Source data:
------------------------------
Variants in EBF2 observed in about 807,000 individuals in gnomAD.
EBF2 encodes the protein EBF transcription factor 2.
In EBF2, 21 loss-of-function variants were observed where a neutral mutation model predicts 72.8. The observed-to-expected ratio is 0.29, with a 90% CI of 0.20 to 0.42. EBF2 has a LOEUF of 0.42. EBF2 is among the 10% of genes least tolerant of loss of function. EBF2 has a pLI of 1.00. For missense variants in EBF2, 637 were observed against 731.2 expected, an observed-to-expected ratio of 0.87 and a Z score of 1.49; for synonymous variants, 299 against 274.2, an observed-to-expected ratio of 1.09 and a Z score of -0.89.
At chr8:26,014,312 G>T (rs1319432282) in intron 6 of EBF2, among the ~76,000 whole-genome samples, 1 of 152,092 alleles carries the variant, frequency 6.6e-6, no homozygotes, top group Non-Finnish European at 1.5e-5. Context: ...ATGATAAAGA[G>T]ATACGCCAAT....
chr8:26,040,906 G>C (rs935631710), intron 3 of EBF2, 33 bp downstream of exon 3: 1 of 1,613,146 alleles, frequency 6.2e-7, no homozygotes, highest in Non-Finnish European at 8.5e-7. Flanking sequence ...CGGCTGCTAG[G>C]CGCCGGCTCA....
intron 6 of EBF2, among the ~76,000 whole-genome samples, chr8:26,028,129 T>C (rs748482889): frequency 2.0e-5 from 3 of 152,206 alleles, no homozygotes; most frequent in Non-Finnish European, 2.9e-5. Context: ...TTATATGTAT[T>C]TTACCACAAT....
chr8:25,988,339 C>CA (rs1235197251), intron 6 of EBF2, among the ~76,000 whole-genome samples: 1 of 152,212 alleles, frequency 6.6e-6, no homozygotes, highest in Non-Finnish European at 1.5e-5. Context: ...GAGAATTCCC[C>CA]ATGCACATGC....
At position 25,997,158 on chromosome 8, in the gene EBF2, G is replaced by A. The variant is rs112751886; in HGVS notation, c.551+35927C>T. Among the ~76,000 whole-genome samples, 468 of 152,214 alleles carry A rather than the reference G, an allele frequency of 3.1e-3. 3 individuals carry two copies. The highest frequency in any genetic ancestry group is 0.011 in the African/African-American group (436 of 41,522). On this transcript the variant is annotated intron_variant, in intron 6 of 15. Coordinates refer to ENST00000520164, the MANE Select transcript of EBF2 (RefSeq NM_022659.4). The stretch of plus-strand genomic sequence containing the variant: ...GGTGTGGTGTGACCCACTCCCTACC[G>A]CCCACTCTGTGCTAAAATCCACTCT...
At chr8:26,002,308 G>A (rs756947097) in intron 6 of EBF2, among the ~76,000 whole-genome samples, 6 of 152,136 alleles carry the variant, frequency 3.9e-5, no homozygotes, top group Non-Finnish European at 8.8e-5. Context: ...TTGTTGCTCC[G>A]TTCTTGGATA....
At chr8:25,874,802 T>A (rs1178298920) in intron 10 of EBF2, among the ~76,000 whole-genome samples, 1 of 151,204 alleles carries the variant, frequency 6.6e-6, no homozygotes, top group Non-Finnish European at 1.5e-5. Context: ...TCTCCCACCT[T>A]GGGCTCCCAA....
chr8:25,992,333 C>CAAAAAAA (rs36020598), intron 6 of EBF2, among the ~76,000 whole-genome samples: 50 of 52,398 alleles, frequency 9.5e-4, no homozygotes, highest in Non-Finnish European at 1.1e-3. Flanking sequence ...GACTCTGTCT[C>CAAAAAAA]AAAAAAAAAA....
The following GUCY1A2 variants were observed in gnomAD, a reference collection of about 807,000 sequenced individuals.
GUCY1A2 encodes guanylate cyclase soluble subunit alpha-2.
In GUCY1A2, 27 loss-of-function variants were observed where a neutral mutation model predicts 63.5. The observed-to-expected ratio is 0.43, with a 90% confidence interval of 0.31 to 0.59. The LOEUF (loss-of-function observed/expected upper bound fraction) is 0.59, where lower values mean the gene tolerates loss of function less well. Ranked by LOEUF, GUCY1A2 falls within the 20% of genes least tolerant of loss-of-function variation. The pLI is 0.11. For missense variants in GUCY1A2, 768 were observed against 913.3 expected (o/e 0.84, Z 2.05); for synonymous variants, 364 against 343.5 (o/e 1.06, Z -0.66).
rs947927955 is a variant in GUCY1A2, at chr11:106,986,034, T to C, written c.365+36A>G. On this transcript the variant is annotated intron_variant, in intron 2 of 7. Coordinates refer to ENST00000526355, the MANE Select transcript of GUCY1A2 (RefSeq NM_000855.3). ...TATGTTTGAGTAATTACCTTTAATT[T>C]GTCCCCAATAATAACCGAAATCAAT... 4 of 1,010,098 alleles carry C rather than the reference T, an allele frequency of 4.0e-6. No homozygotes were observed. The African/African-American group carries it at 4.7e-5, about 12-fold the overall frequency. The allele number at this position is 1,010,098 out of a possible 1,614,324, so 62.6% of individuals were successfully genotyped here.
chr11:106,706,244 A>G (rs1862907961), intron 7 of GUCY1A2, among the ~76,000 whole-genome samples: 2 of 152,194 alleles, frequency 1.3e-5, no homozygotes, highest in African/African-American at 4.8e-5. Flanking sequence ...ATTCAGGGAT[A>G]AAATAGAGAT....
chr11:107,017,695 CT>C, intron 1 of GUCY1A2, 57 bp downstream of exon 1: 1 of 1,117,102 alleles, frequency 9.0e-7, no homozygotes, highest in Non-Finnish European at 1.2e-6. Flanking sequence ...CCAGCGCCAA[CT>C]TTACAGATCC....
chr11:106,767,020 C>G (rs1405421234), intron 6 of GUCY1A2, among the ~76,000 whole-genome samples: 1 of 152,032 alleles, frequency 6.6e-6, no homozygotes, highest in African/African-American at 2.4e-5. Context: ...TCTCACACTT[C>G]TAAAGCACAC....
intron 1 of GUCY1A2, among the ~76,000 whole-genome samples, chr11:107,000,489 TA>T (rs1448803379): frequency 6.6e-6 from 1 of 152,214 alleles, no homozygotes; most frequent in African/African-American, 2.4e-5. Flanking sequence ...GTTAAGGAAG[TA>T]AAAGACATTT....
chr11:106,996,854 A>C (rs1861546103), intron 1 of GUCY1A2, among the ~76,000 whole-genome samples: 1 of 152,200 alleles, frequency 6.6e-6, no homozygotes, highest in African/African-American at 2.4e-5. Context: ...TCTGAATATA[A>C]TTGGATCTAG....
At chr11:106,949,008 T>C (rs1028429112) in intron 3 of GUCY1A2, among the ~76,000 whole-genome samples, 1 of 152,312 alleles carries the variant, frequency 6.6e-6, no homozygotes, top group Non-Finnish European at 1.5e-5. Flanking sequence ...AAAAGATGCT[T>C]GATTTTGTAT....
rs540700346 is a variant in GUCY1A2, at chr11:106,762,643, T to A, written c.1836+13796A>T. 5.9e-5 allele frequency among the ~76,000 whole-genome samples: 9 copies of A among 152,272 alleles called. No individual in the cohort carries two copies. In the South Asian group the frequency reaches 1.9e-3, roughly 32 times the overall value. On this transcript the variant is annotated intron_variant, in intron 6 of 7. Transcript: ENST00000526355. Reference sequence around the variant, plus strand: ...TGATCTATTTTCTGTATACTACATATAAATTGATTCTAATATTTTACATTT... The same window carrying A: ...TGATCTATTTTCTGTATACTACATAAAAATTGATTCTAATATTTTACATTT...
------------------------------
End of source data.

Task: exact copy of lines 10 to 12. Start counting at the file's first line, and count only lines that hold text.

At chr8:25,874,802 T>A (rs1178298920) in intron 10 of EBF2, among the ~76,000 whole-genome samples, 1 of 151,204 alleles carries the variant, frequency 6.6e-6, no homozygotes, top group Non-Finnish European at 1.5e-5. Context: ...TCTCCCACCT[T>A]GGGCTCCCAA....
chr8:25,992,333 C>CAAAAAAA (rs36020598), intron 6 of EBF2, among the ~76,000 whole-genome samples: 50 of 52,398 alleles, frequency 9.5e-4, no homozygotes, highest in Non-Finnish European at 1.1e-3. Flanking sequence ...GACTCTGTCT[C>CAAAAAAA]AAAAAAAAAA....
The following GUCY1A2 variants were observed in gnomAD, a reference collection of about 807,000 sequenced individuals.